GR: Thank God. [Laughs] I'm not sure that there's a specific thing I can point to. I will say, very, very early on in our relationship, I realized that Michael almost always intuitively understood what I was trying to do with a story, even if I couldn't manage to get the words right in the script. He could read it, and he would know what it was that we wanted to do. There have been times in my career where the exact opposite has happened with my collaborators, and I've said this elsewhere, but I'm blessed right now. I'm working with the finest collaborators of my career at this moment, and for a guy who can't draw, that's Nirvana.
ML: And likewise for a guy who can't write.
CA: As a reader, I think part of it comes from the idea that as a team, you don't dismiss the fantastic. You build it into your stories. There's a sci-fi element to what you do in Lazarus that you never shy away from, and in fact, you play up to it, this idea that Forever can be shot in the head and get right back up.
GR: This is very much what I mean about complimentary styles. David Mamet, in his book --- and I use that generously, it's more like a pamphlet --- On Directing Film, talks about what he calls the Uninflected Shot. Michael is a master of it, and I'm not sure it's conscious, it's certainly not at this point. He allows the characters to act, and he demands that the reader interpret what they're seeing, that they're engaged. As a result of that lack of inflection, it buys us a whole lot of credibility. Everything we're delivering to you, we're delivering straight. This is the fact of the story. There's no wink, there's no nod, there's no bit of going, "Yeah, it's kind of silly." There's never an apology for what you're seeing. It's being presented as fact.
And when it's presented as fact, i.e.; "Here's Mr. Freeze and his Freeze Gun, and this is what happens when he freezes a human being," it doesn't matter how ludicrous the idea is in the abstract. When it's on the page and it's done, no, this is the truth of the story. This is absolutely the truth of this world. You are engaged in a way that says you accept it and you stay, or you close the book and you leave.
ML: That's part of why the book works, when it does, which hopefully is most of the time. I'm not going to presume, we do our best to make it work. But when it does, it's because it's kind of a narrative documentary in a weird way. It wasn't intentional as it started, but Greg has used the Mamet thing on me several times, to where it becomes more conscious, and I find the times when I get away from that, I'm very unhappy with the work. I'll finish a page and go, "Ugh, I lost track of making this a documentary." Just the facts, ma'am --- no trying to show off or do big, fancy things.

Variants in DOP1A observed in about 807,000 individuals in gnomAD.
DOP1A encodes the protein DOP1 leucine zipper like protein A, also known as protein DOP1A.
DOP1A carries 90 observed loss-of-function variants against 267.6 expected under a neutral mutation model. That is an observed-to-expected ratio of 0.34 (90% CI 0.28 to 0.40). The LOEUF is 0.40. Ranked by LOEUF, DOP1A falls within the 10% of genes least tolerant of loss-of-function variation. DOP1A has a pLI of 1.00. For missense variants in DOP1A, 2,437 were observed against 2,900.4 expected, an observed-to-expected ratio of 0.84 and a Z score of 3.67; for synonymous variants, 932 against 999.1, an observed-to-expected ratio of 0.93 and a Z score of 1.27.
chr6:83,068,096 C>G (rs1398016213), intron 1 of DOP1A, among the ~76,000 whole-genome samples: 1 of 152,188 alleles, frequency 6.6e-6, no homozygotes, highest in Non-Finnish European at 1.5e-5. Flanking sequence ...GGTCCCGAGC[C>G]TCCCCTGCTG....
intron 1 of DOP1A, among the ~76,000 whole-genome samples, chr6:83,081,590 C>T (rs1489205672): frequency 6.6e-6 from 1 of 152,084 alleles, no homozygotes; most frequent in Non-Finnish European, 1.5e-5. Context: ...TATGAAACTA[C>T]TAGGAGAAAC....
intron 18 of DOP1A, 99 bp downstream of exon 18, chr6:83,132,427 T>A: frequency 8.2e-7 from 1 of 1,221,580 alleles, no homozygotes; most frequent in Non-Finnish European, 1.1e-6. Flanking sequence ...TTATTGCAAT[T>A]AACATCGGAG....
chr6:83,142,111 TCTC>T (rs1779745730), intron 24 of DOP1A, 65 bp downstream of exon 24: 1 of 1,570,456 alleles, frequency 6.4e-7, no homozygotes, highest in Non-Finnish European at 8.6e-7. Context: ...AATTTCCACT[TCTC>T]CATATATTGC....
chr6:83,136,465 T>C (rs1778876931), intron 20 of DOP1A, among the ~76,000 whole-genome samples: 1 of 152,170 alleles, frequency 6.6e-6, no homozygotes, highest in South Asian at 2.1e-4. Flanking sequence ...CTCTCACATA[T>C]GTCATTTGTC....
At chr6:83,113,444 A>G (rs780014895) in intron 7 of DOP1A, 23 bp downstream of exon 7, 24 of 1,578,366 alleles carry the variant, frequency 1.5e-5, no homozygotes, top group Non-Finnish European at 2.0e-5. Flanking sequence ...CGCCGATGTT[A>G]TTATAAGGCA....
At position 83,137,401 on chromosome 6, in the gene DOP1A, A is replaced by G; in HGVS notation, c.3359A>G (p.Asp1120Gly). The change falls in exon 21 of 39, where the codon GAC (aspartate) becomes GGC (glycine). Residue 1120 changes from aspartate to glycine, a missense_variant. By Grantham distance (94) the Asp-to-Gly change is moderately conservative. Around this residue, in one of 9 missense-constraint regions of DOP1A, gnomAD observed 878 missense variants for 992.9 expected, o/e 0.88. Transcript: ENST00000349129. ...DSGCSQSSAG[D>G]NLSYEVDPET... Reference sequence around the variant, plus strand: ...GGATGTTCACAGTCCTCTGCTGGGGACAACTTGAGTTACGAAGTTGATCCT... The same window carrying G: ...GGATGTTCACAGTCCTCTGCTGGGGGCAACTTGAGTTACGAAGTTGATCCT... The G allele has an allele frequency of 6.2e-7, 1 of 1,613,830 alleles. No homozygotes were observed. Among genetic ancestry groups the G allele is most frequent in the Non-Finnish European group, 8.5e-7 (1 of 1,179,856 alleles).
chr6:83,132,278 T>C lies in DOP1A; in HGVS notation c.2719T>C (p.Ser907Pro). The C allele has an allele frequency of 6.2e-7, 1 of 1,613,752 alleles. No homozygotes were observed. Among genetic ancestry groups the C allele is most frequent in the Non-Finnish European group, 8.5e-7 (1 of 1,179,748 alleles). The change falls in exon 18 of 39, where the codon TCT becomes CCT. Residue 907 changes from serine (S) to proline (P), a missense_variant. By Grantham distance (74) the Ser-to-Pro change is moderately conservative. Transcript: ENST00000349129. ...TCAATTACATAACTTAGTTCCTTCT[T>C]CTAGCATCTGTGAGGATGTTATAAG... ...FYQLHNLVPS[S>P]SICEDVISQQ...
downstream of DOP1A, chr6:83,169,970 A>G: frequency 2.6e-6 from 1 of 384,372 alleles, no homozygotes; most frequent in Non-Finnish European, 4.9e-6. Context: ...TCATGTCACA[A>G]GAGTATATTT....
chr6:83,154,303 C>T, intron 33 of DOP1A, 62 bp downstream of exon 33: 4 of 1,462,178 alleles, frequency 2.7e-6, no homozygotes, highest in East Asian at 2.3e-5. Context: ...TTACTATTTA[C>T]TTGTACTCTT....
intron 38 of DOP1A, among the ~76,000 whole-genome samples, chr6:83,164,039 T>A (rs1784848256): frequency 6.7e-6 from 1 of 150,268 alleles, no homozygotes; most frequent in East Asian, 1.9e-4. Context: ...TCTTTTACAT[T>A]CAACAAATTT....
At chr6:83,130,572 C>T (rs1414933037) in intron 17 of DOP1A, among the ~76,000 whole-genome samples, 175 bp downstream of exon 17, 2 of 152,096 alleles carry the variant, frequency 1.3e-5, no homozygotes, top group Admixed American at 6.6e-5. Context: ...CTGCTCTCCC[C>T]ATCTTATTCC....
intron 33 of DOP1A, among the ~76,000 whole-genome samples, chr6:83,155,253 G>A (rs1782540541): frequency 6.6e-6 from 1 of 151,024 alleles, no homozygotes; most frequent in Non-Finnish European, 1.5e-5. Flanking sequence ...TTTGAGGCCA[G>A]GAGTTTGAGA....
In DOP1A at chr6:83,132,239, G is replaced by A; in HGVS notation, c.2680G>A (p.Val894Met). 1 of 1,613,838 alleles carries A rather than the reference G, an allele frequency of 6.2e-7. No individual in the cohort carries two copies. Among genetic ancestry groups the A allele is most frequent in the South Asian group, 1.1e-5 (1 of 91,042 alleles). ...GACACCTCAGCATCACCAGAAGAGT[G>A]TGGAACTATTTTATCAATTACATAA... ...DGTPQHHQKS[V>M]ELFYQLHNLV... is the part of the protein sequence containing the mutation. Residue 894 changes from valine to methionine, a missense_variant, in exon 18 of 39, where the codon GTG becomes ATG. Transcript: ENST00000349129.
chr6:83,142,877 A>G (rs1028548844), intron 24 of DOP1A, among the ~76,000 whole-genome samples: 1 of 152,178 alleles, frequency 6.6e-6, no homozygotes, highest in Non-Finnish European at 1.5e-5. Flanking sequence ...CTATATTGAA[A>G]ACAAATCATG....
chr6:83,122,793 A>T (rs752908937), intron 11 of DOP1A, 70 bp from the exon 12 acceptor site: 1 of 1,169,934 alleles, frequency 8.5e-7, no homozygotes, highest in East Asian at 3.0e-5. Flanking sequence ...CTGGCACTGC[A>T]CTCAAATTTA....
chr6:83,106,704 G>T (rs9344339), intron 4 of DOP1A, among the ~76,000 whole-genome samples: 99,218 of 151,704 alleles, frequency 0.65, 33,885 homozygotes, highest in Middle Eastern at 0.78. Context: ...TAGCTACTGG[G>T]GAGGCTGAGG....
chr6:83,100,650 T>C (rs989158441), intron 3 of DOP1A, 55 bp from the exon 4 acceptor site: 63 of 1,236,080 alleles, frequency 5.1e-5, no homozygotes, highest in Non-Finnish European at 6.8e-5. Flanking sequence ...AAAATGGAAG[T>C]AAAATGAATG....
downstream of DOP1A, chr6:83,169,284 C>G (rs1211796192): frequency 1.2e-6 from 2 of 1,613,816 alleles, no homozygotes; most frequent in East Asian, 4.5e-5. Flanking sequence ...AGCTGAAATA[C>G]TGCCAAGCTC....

I was given an opportunity in this issue to do something fun and fancy, but even that, it's still pretty documentary. I'm not going to follow a Jack Kirby template, people aren't going to be jumping off the page at you, there aren't going to be a bunch of speed lines. That's why the book works, because, with that kind of pseudo-documentary style to it, it's like, "Oh, this is real." Or at least, it could be. That makes it more effective in my mind.
CA: Can we talk about the next arc for a bit?
GR: This is now moving into what is the second act of the overall story, and the title should tell you everything you need to know. We're calling it "Cull" for a reason. There's going to be a great whittling of numbers, both in terms of the larger world and the individuals of the story. There are some things that are going to be exploited and revealed. There was a big reveal at the end of "Poison," and that revelation has huge ramifications, and not immediately obvious ones.
ML: I've said this recently elsewhere, but I really think that the end of the second hardback, the end of "Poison," really represents the end of Act One. Everything is spinning off in a different direction now, because of the things that happened in that second hardback. For me, at least, the real meat of the story is starting to happen now. It's almost like everything else was just setup --- definitely the first book was, "Here's all of our players, here's what their lives are like."
We see Forever, especially in the second arc, functioning in her role in the family, doing what she's supposed to be doing, and then everything changes because of what happened in "Conclave" and "Poison." Her view of her own life is different, and the fact that she is, for all intents and purposes, dead at the end of the second hardback and has to be "reborn" at the beginning of this next arc is not a coincidence.
Plus, we're going to get to see a lot of Lazari and swordfights.
GR: There's going to be a lot of Lazari killing Lazari in this one.
ML: And jetpacks!
CA: See, Michael knows how to sell the book.
GR: Yeah, but we've known that from the start.
ML: There's jetpacks! Lazari with jetpacks! Buy the book!